September 26, 2018

Say Hello to Mad MOLLY
Starring Julia Batelaan, Emma de Paauw, Joost Bolt, Annelies Appelhof. Directed by Colinda Bongers & Thijs Meuwese. (2017/91 min).


Review by Tiger the Terrible😸

I'll give Molly this much: As post-apocalyptic heroines go, the movie's titular character is unique. She's not another busty killing machine decked-out in low-cut, skin-tight fighting gear and toting a cache of sexy weapons.

Instead, Molly (Julia Batelaan) is the kind of Plain Jane who walks the high school halls all four years without turning a single head. She's dressed in filthy rags, wears thick glasses and keeps what she scavenges from corpses in an old back-pack. Her only physical weapons are a gun with three bullets, a few knives and a homemade bow & arrow. While she's more than capable of handling herself in a fight - even against multiple attackers - Molly often takes as much of a beating as she gives and her injuries linger throughout the movie. Though quite resourceful, she roams this wasteland as wary and vulnerable as you and I would be in the same situation.

Molly is also sort-of a legend in these parts, possessing a telekinetic "power" that appears to serve as a shield against immediate threats to her life. We often see flashbacks of Molly strapped to a gurney in a dark lab - presumably before the apocalypse - while undergoing harrowing experiments. Her actual ability is never clearly defined, but it's assumed she was altered to be used as a weapon.

Camping sucks.
While the story doesn't explicitly reveal the cause of this global cataclysm, it's implied most the world succumbed to a virus that turns those infected into violent homicidal maniacs. Sadistic carnival barker Deacon wants to infect Molly in order to win death matches he holds on a ramshackle atoll, where survivors regularly wager ammo on the combatants. While the atoll is definitely an imaginative piece of set-design on a budget, the underwhelming arena where the zombies fight looks like someone tried to build Thunderdome in their garage.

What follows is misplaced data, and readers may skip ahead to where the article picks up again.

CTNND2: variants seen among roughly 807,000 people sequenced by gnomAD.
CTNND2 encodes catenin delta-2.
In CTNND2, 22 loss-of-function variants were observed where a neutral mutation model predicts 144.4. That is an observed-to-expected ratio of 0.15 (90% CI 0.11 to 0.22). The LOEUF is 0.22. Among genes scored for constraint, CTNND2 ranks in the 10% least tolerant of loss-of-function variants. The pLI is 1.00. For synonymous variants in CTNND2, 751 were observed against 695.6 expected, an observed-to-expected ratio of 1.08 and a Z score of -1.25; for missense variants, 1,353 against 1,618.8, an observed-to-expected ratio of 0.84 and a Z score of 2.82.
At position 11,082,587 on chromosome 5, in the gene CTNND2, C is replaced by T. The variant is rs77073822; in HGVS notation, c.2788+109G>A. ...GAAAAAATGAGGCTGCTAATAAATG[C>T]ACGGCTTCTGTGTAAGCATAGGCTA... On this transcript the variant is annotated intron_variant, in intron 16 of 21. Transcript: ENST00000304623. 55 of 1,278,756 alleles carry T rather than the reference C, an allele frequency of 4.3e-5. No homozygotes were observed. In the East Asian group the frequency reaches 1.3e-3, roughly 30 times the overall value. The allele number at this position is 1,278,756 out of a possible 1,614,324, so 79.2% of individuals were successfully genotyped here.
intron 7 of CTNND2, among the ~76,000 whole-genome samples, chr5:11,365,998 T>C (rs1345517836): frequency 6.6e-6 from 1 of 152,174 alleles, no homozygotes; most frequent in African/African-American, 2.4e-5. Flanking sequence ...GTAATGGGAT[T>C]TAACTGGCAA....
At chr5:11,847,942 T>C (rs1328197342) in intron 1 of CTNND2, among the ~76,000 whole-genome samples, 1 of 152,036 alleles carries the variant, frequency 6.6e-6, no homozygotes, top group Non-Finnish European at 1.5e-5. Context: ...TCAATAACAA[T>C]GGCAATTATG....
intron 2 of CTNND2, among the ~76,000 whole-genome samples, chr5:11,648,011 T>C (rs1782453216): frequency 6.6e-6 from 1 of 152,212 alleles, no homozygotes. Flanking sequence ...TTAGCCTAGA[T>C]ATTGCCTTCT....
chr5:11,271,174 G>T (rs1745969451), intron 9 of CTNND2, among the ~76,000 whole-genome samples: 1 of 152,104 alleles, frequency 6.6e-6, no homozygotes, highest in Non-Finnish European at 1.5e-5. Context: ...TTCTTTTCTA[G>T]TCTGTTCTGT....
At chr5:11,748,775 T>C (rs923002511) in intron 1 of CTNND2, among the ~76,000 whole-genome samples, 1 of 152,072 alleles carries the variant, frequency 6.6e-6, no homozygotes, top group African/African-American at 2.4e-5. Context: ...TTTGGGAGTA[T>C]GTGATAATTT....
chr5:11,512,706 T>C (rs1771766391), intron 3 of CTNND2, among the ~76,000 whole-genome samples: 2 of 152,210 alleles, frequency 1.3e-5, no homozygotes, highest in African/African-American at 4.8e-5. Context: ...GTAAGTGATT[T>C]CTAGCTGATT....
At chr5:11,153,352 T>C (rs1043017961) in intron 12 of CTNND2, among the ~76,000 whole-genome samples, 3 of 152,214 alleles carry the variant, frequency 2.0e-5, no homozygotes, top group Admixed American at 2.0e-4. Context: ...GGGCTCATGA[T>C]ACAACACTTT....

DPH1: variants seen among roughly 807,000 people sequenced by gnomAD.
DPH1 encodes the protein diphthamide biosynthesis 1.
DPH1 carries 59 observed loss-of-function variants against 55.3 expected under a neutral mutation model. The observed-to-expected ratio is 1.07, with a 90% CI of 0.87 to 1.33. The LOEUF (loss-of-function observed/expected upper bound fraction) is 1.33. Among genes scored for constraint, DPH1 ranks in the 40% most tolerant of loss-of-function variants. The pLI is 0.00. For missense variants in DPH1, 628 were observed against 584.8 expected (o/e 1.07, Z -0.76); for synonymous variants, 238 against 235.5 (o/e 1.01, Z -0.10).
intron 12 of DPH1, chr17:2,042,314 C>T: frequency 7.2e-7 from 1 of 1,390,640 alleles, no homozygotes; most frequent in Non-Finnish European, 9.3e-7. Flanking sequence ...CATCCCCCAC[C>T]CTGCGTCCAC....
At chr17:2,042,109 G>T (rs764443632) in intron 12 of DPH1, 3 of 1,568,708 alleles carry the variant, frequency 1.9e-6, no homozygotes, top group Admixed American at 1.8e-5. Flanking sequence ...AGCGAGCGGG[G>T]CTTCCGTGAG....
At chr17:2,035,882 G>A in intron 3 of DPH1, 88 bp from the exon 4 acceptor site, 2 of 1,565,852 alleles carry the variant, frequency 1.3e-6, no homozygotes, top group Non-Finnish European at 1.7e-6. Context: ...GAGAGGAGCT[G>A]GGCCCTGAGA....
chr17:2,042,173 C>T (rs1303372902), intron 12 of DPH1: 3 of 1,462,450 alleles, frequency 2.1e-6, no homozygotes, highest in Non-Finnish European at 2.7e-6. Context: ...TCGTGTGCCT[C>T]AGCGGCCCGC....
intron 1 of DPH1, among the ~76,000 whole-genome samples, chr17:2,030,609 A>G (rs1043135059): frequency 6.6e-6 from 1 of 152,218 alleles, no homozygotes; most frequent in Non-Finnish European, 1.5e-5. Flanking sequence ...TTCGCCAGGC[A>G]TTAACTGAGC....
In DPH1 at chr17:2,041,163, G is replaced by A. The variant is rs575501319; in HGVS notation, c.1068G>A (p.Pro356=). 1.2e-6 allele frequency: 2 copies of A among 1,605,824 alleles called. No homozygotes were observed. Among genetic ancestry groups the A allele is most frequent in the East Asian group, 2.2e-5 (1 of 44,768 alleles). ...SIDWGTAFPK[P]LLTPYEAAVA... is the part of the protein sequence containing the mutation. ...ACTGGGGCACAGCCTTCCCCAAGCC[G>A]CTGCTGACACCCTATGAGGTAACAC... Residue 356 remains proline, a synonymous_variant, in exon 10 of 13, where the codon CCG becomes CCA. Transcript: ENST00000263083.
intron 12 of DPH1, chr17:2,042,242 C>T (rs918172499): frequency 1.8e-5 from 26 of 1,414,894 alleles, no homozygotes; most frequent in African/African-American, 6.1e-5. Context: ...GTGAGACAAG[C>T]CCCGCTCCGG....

Speaking of which, Molly draws obvious inspiration from the Mad Max series, Beyond Thunderdome in particular (including our hero ultimately laying it all on the line for a child). However, the film compensates for its lack of narrative originality with an engaging protagonist, an aesthetically-interesting look and some truly jaw-dropping fight choreography. The villains are generic and Bolt's hammy performance is obnoxious, but Batelaan delivers a terrific physical and emotional performance. Additionally, Molly has a unique, strangely surreal visual quality that feels almost dreamlike.

As for the action, these fight sequences must be seen to be believed. Not overtly kinetic or flashy, they are impressive nonetheless. Grueling and brutal without being particularly graphic, the fights are presented in long takes, unlike hyperactive editing that tends to detach the viewer from the action. In fact, the exhausting final conflict is presented as an unbroken 30-minute shot. One could argue the sequence is a distracting gimmick, but it's still cool as hell and must have been a logistical nightmare to pull-off for everyone involved.

Anyone who appreciates a good onscreen fight will probably enjoy Molly for the final act alone. Elsewhere, the film overcomes most of its story shortcomings by being visually engaging, as well as taking the time and effort to give us a main character who's truly unique to the genre. Well made on a low budget, this is an apocalyptic obscurity worth seeking out.

FEATURETTE - "Making of Molly"
AUDIO COMMENTARY - By directors Colinda Bongers & Thijs Meuwese

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